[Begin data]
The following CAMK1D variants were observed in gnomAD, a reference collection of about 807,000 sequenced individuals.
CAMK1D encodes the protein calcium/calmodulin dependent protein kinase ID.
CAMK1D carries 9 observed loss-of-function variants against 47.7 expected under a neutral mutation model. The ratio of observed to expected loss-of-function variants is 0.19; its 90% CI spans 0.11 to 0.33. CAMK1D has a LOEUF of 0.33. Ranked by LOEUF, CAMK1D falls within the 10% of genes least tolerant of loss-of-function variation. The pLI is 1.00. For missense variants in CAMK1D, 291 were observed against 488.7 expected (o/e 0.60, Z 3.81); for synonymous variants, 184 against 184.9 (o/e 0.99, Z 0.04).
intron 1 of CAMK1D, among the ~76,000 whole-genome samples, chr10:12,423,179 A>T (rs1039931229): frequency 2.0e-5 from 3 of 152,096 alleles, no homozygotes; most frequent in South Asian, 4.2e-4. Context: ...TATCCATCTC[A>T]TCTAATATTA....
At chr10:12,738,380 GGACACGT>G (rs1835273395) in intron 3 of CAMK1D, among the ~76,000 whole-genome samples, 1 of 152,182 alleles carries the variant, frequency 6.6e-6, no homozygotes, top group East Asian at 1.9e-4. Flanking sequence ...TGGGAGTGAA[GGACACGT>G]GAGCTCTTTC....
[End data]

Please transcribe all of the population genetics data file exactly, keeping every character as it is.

The following CAMK1D variants were observed in gnomAD, a reference collection of about 807,000 sequenced individuals.
CAMK1D encodes the protein calcium/calmodulin dependent protein kinase ID.
CAMK1D carries 9 observed loss-of-function variants against 47.7 expected under a neutral mutation model. The ratio of observed to expected loss-of-function variants is 0.19; its 90% CI spans 0.11 to 0.33. CAMK1D has a LOEUF of 0.33. Ranked by LOEUF, CAMK1D falls within the 10% of genes least tolerant of loss-of-function variation. The pLI is 1.00. For missense variants in CAMK1D, 291 were observed against 488.7 expected (o/e 0.60, Z 3.81); for synonymous variants, 184 against 184.9 (o/e 0.99, Z 0.04).
intron 1 of CAMK1D, among the ~76,000 whole-genome samples, chr10:12,423,179 A>T (rs1039931229): frequency 2.0e-5 from 3 of 152,096 alleles, no homozygotes; most frequent in South Asian, 4.2e-4. Context: ...TATCCATCTC[A>T]TCTAATATTA....
At chr10:12,738,380 GGACACGT>G (rs1835273395) in intron 3 of CAMK1D, among the ~76,000 whole-genome samples, 1 of 152,182 alleles carries the variant, frequency 6.6e-6, no homozygotes, top group East Asian at 1.9e-4. Flanking sequence ...TGGGAGTGAA[GGACACGT>G]GAGCTCTTTC....